Matisse: An Introduction (1995)

NOTE [2003/2017]: The pages here were written in 1995 and represent the state of the projects mentioned therein, as they stood at that time.

Although I haven't continued work on this directly over the last few years, the ideas presented here are still relevant to later work including, for example, howellhenryland [2000].

If you are interested in what I'm thinking about at the moment, I suggest you have a look at my personal site, which includes both archived content from my earlier blog Cluster, and my recent photography [ongoing], and my current [2017] business, Significance Systems.

Matisse is an internet-connected multimedia text-based VR client which restores primacy to a spatial and social metaphor, to create an inhabitable space within which any internet-accessible simple or hypermedia object may easily be embedded, viewed and otherwise manipulated.

In Matisse, a real-time text window is the primary interface to a multimedia VR constructed on a conventional MOO server. Any object on the MOO may be tagged with an extended version of the URLs (Universal Resource Locator) used to specify the addresses of internet accessible data/media objects. Objects are not stored locally on the server; URLs are simply references to objects extant elsewhere on the Net. These objects may be complex database engines, CGI interfaces or media servers, or simple media files such as a JPEG image, an MPEG movie, or an AU soundfile. Any media object already accessible via the Web is immediately available for access and inclusion within a Matisse-mediated space--Matisse uses only existing protocols.
At home 
in Matisse
Participants in the virtual reality may interact with each other and with the other objects located in the MOO--the environment's strong spatial sense and real-time immediacy maintains the sense of a common shared reality and a continuity of experience. This continuity reinforces the social structure of the space; if a user does not connect to the system for a few days, things will have changed, been moved, renovated. Matisse is the internet as television... a temporally and spatially continuous data universe that intersects real physical space in real time, rather than a static set of hypertexts filed in the isolated hyperlibraries of the Web.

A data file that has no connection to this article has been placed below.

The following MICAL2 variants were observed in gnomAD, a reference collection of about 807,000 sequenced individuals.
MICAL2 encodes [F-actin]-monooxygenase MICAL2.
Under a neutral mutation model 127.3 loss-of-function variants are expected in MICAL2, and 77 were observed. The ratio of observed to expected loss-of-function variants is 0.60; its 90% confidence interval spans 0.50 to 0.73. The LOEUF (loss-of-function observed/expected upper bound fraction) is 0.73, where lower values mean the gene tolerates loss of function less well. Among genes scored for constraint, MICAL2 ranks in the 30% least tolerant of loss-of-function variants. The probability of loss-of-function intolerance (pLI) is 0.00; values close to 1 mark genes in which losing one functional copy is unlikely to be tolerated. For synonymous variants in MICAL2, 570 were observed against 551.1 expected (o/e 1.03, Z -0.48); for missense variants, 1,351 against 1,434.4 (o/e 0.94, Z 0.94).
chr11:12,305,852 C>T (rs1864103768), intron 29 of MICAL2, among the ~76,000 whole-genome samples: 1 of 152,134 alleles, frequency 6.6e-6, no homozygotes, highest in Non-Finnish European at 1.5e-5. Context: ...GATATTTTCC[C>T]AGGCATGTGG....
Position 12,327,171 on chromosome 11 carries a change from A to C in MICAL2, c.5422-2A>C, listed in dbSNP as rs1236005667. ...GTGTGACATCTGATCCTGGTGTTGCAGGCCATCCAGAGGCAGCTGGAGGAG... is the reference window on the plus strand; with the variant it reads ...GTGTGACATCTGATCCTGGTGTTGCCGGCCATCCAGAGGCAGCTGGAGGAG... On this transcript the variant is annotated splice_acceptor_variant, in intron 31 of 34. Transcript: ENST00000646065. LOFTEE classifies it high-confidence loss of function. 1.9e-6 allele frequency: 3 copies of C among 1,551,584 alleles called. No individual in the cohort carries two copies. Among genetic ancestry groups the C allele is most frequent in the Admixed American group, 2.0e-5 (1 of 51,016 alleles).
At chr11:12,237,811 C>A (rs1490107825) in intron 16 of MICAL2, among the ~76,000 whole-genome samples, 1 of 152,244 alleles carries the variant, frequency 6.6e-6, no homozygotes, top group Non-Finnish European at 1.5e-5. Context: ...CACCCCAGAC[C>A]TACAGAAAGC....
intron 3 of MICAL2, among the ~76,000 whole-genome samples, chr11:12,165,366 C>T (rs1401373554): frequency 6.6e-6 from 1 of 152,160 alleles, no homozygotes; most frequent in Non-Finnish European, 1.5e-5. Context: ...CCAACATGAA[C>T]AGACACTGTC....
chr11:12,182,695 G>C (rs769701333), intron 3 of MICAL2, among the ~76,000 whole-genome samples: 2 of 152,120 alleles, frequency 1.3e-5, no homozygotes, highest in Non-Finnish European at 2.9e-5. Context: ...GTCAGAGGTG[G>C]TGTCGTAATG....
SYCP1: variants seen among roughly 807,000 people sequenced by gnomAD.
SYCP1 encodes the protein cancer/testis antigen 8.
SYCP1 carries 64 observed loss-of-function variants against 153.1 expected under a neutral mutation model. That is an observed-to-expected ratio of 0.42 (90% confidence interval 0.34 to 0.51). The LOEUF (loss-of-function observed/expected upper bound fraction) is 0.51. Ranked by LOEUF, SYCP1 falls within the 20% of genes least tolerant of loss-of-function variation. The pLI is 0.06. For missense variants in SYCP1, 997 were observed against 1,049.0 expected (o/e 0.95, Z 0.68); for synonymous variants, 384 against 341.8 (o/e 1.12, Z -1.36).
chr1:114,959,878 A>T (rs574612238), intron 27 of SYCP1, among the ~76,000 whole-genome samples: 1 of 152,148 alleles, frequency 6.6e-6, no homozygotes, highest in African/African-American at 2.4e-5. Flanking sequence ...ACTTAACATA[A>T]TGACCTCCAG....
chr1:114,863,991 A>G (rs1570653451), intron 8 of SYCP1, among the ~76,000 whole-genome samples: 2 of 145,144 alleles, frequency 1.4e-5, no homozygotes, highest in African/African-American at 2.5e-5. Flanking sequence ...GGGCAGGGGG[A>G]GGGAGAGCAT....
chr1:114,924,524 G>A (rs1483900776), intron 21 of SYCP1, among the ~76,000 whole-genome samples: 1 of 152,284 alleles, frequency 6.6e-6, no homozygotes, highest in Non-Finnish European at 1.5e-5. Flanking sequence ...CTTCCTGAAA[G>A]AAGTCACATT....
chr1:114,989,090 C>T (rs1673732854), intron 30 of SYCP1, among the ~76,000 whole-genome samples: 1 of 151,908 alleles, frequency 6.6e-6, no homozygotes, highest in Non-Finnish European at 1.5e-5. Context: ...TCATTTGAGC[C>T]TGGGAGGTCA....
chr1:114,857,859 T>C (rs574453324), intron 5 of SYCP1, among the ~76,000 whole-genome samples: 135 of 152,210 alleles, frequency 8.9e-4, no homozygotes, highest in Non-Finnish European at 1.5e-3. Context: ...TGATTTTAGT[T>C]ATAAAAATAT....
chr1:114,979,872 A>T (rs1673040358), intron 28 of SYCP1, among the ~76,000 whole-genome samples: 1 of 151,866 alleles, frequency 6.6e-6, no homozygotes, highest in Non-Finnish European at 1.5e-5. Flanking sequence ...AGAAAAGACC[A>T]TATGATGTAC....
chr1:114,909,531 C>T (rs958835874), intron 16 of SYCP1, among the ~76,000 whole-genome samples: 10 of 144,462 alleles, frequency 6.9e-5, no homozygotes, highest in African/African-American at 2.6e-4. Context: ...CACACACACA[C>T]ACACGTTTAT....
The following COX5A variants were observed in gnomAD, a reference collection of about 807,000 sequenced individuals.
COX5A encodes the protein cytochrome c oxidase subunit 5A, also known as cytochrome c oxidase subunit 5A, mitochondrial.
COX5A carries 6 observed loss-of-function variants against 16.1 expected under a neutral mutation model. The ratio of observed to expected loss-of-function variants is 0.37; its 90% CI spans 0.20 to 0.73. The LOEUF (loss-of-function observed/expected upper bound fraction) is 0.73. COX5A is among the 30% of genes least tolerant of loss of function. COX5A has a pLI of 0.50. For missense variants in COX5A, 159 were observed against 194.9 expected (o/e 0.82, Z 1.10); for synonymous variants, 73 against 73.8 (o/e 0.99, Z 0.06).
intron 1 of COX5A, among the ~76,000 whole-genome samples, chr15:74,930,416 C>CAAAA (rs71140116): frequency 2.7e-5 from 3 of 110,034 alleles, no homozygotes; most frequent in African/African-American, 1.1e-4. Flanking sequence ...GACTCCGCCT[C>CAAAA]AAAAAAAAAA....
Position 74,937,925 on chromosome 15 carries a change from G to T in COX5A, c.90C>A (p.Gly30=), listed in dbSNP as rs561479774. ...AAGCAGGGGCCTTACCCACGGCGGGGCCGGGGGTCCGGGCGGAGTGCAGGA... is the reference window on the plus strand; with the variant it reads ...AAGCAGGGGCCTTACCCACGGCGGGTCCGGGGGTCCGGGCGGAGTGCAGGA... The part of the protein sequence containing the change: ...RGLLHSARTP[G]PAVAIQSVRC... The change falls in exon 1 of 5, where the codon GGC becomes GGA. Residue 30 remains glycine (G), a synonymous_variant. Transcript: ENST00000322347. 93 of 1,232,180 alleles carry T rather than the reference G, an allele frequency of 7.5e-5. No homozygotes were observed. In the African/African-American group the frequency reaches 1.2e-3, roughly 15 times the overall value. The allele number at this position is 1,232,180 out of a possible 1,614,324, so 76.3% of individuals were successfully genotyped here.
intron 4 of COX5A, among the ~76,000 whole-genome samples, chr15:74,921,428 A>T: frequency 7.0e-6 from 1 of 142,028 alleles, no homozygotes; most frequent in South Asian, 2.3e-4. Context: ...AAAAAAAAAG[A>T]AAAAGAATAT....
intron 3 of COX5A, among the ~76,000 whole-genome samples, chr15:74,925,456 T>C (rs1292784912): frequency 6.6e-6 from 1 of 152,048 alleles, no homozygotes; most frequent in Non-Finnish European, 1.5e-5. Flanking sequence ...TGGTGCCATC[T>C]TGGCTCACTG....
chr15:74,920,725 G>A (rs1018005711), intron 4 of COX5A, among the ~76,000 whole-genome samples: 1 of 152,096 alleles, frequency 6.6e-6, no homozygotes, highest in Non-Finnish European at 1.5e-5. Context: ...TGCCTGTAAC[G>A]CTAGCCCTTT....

Within Matisse, HTML pages discover a more appropriate role as only one of a variety of object classes, instances of which may be located in virtual space, created and shared, bought and sold. Video, audio and still graphics may be used to elaborate the description of spaces, people and other objects, which provide hypermedia access to the wealth of data available on the Net.

The Matisse client supports all MIME media types via a set of common helper applications, and is properly multitasking-- a user may, for example, be conversing with another participant via CU-SeeMe while simultaneously downloading an Acrobat publication and listening to background music served via the RealAudio protocols, with all data being accessed in real time from different servers on the internet. Additionally, Matisse supports local media attachments, to support hybrid architectures where large or complex media are stored locally (perhaps on CD-ROM), yet are seamlessly sequenced and integrated with data sourced in real time from the Net. Matisse incorporates sophisticated caching and threading algorithms to ensure optimal data access even over low bandwidth dialup connections.

A alpha-release version of the Matisse client has been developed for the Apple Macintosh computer. The client is now available via FTP (about 500k)
Matisse was designed, developed and coded by Darrell Berry, 1995.

The original concept for Matisse originated in conversations with Michael Frank and John Ricketts.
Thanks to Michael Frank, Klaas and John Ricketts of Vision Network/SuperBall, Martin Haywood, Caroline Parsons, Stephen Ashley, Matthias Ulrich (MacPerl), Peter Keleher (Alpha editor), Paul Schinder (libwww port), Roy Fielding (libwww/Arcadia Project), Ben Russell (OneDay), John Unsworth (IATHMoo), Ed Harting and Matt Rosin (Cyber Technologies International), Shigeru (translations), David Blair, the staff of Tokyo Salon, Helen Smith and everyone else who has helped with the development of the Matisse concept and its implementation so far.
This document <> is copyright (c) 1995, Darrell Berry

3 November 1995